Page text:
Algerian army guards road to gas plant 370.
(photo credit: REUTERS)
WASHINGTON - The deadly hostage siege in Algeria is a reminder of the threat posed by al-Qaida, US President Barack Obama said Saturday.
Obama offered to provide any assistance the Algerian government needs after the siege at a desert gas plant and said the United States was seeking a "fuller understanding" from Algerian authorities of what took place there.
"The thoughts and prayers of the American people are with the families of all those who were killed and injured in the terrorist attack in Algeria," Obama said in his first comments on the hostage crisis.
Obama's written statement was issued by the White House after the Algerian army carried out a dramatic final assault to end a siege by Islamist militants in which 23 hostages were killed, many of them believed to be foreigners.
The statement made no mention of Americans who were caught up in the hostage crisis. One American has been confirmed dead, and a source close to the crisis said two Americans were among those freed as the Algerian army closed in.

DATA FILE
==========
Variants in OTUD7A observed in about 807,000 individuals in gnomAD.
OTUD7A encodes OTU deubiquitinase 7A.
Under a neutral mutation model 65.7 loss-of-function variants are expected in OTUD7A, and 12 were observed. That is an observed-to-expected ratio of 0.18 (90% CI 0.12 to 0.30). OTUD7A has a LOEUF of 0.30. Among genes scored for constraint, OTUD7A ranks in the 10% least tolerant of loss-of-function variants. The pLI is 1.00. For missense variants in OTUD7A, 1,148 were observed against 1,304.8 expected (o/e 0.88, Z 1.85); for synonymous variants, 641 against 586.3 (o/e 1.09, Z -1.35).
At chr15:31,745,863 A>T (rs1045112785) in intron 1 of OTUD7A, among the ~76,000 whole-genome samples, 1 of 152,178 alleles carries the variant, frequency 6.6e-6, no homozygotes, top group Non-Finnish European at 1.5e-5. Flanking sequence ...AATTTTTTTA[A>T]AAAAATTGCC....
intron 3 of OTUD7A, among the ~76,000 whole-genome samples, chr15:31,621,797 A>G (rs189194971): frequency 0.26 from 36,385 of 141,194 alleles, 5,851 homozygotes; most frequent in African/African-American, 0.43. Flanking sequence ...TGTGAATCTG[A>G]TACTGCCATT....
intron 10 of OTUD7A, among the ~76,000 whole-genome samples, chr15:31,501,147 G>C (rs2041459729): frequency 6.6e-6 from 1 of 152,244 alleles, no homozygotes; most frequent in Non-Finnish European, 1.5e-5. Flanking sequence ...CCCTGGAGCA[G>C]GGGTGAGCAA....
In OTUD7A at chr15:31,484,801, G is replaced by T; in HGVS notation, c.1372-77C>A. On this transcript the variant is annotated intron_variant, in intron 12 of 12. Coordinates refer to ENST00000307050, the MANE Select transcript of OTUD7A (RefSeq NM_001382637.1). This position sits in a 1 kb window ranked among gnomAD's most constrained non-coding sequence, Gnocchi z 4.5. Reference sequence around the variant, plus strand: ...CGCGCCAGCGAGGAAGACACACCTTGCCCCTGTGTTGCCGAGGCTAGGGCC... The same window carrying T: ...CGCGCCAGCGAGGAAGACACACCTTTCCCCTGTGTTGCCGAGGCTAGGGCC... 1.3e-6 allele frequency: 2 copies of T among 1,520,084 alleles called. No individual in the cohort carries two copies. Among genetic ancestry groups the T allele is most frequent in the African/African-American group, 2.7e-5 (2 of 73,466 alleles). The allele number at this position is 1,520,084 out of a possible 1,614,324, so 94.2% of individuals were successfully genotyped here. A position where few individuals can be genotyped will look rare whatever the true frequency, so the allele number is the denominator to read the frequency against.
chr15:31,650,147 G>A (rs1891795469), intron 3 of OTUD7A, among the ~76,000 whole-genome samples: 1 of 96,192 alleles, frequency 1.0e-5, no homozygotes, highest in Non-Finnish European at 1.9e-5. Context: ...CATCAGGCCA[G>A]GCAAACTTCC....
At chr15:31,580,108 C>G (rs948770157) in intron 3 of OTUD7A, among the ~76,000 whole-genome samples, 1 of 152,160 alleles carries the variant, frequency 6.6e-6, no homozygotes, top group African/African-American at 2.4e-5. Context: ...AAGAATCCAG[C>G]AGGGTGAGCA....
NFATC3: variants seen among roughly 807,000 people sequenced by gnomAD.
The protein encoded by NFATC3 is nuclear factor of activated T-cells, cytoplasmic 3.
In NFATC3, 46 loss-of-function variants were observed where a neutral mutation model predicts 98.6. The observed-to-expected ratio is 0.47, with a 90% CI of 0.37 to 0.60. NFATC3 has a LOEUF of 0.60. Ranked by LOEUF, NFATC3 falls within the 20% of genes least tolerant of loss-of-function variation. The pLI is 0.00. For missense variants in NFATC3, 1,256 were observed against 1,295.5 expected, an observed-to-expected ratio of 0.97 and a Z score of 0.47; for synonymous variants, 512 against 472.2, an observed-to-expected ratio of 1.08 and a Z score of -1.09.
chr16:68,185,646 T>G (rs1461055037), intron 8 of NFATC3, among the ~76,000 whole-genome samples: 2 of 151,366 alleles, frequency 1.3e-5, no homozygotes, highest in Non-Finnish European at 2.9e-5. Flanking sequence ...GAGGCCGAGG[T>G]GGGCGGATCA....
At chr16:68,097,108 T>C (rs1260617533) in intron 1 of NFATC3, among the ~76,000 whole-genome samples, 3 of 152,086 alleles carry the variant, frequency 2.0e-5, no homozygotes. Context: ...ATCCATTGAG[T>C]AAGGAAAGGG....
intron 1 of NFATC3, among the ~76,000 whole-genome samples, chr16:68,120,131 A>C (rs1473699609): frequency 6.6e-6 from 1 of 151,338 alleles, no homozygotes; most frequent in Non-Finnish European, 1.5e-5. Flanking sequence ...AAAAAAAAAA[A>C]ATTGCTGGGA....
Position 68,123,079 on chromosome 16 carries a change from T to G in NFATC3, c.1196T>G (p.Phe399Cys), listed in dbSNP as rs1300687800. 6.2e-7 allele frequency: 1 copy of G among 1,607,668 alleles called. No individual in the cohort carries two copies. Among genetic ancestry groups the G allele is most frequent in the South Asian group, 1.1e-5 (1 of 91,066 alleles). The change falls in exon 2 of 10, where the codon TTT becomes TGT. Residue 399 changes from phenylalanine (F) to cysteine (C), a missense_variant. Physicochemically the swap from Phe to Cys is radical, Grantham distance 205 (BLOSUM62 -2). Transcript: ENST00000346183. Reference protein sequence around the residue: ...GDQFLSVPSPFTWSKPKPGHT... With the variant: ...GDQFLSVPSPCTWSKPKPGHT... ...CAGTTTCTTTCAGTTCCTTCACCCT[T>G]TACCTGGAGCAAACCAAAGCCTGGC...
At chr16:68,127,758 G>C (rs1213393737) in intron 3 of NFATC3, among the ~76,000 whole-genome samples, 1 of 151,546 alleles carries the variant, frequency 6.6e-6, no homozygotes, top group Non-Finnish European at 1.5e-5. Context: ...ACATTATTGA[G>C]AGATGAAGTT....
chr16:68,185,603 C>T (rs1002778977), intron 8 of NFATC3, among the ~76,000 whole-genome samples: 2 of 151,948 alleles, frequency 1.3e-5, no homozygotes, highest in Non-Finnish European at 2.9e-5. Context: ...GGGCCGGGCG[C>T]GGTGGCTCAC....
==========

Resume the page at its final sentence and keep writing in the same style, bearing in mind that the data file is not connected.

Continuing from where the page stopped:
Some Western governments had expressed frustration at not being informed of the Algerian authorities' plans to storm the remote complex, but US officials had remained cautious in their comments as the situation unfolded.
"The blame for this tragedy rests with the terrorists who carried it out," Obama said. "We have been in constant contact with Algerian officials and stand ready to provide whatever assistance they need in the aftermath of this attack."
"We also will continue to work closely with all of our partners to combat the scourge of terrorism in the region," he added.
"This attack is another reminder of the threat posed by al-Qaida and other violent extremist groups in North Africa," Obama said. "In the coming days, we will remain in close touch with the government of Algeria to gain a fuller understanding of what took place so that we can work together to prevent tragedies like this in the future."
Obama, who takes the official oath of office on Sunday for a second term at the White House and will then be sworn in again publicly on Monday, juggled inauguration preparations and briefings from his national security aides on the hostage situation in Algeria.
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